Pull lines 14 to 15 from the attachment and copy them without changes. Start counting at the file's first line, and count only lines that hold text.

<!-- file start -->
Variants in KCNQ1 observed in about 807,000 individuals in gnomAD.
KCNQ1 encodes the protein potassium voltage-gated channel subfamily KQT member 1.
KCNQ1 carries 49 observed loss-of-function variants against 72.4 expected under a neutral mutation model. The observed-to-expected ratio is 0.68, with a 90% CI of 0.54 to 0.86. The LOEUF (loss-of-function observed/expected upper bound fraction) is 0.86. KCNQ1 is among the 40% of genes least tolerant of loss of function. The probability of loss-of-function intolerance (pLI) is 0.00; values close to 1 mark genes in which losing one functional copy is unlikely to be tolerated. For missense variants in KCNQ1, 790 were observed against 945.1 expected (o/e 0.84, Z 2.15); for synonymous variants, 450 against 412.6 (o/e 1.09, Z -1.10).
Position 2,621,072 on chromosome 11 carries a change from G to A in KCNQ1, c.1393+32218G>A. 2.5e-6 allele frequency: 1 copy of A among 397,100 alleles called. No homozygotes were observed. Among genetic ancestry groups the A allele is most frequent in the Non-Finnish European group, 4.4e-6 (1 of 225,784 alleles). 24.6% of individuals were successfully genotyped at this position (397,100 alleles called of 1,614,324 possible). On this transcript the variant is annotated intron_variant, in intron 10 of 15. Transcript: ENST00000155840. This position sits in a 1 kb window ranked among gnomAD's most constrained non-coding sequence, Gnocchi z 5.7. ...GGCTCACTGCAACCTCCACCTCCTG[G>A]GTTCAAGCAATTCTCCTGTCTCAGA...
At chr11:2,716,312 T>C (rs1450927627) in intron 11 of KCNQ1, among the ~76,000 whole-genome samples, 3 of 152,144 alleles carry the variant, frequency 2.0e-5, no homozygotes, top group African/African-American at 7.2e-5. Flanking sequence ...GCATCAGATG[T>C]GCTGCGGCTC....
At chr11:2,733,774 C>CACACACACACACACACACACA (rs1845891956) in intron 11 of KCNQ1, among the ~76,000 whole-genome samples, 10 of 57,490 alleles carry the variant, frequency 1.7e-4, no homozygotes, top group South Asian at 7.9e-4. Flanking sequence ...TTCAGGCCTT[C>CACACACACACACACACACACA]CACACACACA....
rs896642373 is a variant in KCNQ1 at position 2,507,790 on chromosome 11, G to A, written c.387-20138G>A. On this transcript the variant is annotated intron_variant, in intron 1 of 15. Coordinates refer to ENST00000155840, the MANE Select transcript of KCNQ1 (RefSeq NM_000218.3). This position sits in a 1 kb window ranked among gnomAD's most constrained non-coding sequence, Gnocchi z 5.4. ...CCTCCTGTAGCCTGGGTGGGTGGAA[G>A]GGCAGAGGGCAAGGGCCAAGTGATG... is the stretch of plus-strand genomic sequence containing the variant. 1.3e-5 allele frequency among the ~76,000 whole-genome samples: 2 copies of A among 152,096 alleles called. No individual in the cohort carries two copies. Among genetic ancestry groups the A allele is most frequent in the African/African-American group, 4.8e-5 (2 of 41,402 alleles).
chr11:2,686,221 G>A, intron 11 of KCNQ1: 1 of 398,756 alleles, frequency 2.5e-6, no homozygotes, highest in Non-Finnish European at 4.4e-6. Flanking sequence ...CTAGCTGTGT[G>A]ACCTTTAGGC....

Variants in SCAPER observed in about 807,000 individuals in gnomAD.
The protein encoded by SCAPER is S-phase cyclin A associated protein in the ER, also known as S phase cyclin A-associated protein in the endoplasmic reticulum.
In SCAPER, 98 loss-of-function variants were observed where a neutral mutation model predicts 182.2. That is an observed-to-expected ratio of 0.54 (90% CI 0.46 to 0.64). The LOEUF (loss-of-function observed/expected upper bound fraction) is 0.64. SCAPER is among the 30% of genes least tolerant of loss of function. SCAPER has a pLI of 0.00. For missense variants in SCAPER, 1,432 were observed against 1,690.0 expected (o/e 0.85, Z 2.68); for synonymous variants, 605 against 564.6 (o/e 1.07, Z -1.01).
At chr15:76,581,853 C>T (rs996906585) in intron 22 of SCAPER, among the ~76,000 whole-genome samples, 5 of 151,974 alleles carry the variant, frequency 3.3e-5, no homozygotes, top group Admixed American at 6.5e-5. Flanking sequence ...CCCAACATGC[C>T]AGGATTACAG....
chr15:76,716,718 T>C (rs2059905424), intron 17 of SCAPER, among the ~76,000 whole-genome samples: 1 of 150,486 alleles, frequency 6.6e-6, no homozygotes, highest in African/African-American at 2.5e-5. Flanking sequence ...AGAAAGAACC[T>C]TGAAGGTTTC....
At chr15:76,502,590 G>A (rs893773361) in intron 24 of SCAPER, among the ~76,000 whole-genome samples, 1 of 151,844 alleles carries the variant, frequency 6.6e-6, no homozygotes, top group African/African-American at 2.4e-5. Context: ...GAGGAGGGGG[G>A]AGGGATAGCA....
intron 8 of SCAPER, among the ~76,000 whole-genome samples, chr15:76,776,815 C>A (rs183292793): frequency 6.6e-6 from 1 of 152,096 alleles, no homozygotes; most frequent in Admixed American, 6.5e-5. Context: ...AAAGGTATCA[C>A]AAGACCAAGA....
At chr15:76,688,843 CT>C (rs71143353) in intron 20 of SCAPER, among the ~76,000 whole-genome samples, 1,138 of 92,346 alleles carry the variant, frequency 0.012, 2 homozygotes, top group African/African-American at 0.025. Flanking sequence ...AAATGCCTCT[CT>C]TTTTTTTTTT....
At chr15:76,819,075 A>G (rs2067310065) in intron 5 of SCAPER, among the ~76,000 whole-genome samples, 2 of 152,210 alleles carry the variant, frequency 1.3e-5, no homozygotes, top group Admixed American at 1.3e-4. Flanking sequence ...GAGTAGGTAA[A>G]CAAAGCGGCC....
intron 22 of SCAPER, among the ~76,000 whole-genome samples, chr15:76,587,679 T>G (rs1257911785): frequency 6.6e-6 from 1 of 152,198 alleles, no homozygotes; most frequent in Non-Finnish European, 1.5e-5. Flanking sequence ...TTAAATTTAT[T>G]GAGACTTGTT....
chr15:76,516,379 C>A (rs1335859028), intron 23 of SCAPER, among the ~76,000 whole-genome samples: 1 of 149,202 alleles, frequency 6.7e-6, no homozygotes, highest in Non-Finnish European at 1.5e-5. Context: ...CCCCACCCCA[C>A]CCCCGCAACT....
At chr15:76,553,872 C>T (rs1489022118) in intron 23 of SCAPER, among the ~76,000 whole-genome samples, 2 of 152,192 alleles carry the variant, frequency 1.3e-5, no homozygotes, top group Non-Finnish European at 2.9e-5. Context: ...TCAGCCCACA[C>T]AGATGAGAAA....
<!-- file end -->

At chr15:76,502,590 G>A (rs893773361) in intron 24 of SCAPER, among the ~76,000 whole-genome samples, 1 of 151,844 alleles carries the variant, frequency 6.6e-6, no homozygotes, top group African/African-American at 2.4e-5. Context: ...GAGGAGGGGG[G>A]AGGGATAGCA....
intron 8 of SCAPER, among the ~76,000 whole-genome samples, chr15:76,776,815 C>A (rs183292793): frequency 6.6e-6 from 1 of 152,096 alleles, no homozygotes; most frequent in Admixed American, 6.5e-5. Context: ...AAAGGTATCA[C>A]AAGACCAAGA....